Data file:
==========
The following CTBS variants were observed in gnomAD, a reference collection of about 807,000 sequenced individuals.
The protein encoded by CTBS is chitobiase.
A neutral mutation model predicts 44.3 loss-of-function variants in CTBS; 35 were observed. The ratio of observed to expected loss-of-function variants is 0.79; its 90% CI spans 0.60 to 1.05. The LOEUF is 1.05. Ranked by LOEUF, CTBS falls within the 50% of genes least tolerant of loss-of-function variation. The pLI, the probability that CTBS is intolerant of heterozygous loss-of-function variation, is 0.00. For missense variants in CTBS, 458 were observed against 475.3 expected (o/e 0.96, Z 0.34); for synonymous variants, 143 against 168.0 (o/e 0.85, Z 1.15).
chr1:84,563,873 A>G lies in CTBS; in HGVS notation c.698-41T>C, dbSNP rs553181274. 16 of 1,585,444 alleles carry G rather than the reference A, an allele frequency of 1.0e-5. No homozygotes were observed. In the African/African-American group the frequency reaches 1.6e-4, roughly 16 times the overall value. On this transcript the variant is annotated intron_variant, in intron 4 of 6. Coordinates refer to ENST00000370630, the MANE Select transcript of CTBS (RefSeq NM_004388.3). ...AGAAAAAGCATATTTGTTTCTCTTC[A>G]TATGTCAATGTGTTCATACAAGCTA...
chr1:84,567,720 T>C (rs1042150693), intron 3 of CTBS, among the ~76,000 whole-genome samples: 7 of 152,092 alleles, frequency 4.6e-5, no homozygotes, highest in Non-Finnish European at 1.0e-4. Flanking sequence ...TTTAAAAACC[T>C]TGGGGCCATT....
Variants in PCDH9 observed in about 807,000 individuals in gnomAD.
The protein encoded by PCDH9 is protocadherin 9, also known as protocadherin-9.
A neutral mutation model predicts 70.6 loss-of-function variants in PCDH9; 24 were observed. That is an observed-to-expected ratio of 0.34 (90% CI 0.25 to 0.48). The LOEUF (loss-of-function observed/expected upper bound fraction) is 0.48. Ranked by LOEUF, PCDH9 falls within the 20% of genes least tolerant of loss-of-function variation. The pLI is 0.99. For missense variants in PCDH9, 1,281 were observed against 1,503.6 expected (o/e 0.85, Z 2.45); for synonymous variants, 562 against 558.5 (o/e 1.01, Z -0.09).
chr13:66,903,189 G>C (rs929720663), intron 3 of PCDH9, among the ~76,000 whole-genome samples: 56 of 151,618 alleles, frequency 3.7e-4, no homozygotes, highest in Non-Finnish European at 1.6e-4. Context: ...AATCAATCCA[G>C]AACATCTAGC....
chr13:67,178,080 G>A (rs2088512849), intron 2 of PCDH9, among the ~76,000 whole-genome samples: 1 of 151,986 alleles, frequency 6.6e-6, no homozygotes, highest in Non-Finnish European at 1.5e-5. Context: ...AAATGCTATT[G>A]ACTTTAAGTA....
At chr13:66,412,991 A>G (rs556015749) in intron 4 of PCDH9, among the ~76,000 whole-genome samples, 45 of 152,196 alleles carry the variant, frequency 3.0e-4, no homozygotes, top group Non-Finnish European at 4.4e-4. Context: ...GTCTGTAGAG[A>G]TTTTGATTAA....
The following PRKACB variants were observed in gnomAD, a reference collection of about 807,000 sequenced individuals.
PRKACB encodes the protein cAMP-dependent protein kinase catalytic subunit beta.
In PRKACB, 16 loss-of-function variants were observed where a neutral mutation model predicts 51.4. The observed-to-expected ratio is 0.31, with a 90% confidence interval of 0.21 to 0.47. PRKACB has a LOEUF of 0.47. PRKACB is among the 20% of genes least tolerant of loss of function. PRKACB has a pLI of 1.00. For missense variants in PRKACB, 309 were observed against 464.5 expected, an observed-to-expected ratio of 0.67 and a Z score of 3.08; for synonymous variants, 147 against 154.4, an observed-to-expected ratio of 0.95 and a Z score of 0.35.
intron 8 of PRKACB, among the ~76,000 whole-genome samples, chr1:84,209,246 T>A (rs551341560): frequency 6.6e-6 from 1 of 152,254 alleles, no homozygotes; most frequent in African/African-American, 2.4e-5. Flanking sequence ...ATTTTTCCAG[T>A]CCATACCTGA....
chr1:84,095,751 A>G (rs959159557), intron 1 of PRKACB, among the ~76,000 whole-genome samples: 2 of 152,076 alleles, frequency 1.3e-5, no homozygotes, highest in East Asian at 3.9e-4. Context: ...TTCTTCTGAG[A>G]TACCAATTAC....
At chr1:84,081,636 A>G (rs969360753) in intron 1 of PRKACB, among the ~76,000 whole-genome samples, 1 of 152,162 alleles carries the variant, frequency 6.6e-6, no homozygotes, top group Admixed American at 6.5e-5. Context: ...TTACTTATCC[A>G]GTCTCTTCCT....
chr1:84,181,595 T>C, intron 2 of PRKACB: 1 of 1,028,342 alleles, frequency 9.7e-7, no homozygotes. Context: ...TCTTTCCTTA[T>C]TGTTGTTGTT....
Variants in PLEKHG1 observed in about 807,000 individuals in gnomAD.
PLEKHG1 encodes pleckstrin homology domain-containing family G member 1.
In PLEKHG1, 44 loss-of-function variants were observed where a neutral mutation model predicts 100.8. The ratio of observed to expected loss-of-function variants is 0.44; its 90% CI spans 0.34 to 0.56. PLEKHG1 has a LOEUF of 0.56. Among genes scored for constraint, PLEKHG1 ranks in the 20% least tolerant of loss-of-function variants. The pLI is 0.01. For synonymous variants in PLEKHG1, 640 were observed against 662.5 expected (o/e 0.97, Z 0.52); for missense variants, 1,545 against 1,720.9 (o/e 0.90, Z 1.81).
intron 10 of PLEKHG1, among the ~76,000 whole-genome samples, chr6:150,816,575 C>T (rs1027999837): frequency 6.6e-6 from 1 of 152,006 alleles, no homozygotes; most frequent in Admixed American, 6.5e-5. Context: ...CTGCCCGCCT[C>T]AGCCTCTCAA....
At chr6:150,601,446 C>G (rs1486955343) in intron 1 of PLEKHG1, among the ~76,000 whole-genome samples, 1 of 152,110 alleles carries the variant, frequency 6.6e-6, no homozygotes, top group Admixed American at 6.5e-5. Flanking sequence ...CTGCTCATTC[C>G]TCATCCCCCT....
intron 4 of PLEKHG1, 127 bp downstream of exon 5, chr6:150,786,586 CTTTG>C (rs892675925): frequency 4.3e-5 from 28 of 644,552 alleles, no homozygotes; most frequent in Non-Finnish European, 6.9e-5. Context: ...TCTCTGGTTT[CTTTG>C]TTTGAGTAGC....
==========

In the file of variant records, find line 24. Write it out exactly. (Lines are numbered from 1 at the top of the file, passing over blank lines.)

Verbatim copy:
intron 4 of PLEKHG1, 127 bp downstream of exon 5, chr6:150,786,586 CTTTG>C (rs892675925): frequency 4.3e-5 from 28 of 644,552 alleles, no homozygotes; most frequent in Non-Finnish European, 6.9e-5. Context: ...TCTCTGGTTT[CTTTG>C]TTTGAGTAGC....